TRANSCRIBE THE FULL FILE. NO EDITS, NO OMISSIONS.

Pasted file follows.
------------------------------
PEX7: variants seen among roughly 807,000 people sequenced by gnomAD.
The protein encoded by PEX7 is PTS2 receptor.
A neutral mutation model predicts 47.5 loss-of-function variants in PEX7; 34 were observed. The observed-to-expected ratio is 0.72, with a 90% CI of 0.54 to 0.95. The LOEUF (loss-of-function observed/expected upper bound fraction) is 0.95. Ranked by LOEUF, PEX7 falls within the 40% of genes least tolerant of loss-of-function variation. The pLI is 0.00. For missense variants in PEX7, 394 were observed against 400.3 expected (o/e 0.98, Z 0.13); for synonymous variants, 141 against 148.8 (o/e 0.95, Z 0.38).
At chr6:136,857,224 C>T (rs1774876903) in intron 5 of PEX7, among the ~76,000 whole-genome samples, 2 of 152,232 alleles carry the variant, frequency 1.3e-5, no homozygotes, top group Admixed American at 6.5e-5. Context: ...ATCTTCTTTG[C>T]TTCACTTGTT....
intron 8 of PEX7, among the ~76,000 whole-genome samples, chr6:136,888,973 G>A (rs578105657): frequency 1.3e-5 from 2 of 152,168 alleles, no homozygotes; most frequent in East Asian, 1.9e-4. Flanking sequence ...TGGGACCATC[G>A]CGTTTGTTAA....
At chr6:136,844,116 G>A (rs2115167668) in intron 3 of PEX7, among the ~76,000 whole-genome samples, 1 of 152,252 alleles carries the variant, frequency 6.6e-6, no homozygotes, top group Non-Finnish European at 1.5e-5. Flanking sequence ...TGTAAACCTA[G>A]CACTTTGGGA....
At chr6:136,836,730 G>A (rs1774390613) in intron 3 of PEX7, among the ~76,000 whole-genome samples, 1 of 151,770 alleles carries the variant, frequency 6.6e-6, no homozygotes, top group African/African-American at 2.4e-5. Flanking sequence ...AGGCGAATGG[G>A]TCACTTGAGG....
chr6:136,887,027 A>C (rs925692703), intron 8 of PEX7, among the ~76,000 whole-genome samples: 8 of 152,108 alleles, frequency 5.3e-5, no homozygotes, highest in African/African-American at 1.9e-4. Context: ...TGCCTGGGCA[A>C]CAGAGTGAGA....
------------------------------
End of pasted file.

PEX7: variants seen among roughly 807,000 people sequenced by gnomAD.
The protein encoded by PEX7 is PTS2 receptor.
A neutral mutation model predicts 47.5 loss-of-function variants in PEX7; 34 were observed. The observed-to-expected ratio is 0.72, with a 90% CI of 0.54 to 0.95. The LOEUF (loss-of-function observed/expected upper bound fraction) is 0.95. Ranked by LOEUF, PEX7 falls within the 40% of genes least tolerant of loss-of-function variation. The pLI is 0.00. For missense variants in PEX7, 394 were observed against 400.3 expected (o/e 0.98, Z 0.13); for synonymous variants, 141 against 148.8 (o/e 0.95, Z 0.38).
At chr6:136,857,224 C>T (rs1774876903) in intron 5 of PEX7, among the ~76,000 whole-genome samples, 2 of 152,232 alleles carry the variant, frequency 1.3e-5, no homozygotes, top group Admixed American at 6.5e-5. Context: ...ATCTTCTTTG[C>T]TTCACTTGTT....
intron 8 of PEX7, among the ~76,000 whole-genome samples, chr6:136,888,973 G>A (rs578105657): frequency 1.3e-5 from 2 of 152,168 alleles, no homozygotes; most frequent in East Asian, 1.9e-4. Flanking sequence ...TGGGACCATC[G>A]CGTTTGTTAA....
At chr6:136,844,116 G>A (rs2115167668) in intron 3 of PEX7, among the ~76,000 whole-genome samples, 1 of 152,252 alleles carries the variant, frequency 6.6e-6, no homozygotes, top group Non-Finnish European at 1.5e-5. Flanking sequence ...TGTAAACCTA[G>A]CACTTTGGGA....
At chr6:136,836,730 G>A (rs1774390613) in intron 3 of PEX7, among the ~76,000 whole-genome samples, 1 of 151,770 alleles carries the variant, frequency 6.6e-6, no homozygotes, top group African/African-American at 2.4e-5. Flanking sequence ...AGGCGAATGG[G>A]TCACTTGAGG....
chr6:136,887,027 A>C (rs925692703), intron 8 of PEX7, among the ~76,000 whole-genome samples: 8 of 152,108 alleles, frequency 5.3e-5, no homozygotes, highest in African/African-American at 1.9e-4. Context: ...TGCCTGGGCA[A>C]CAGAGTGAGA....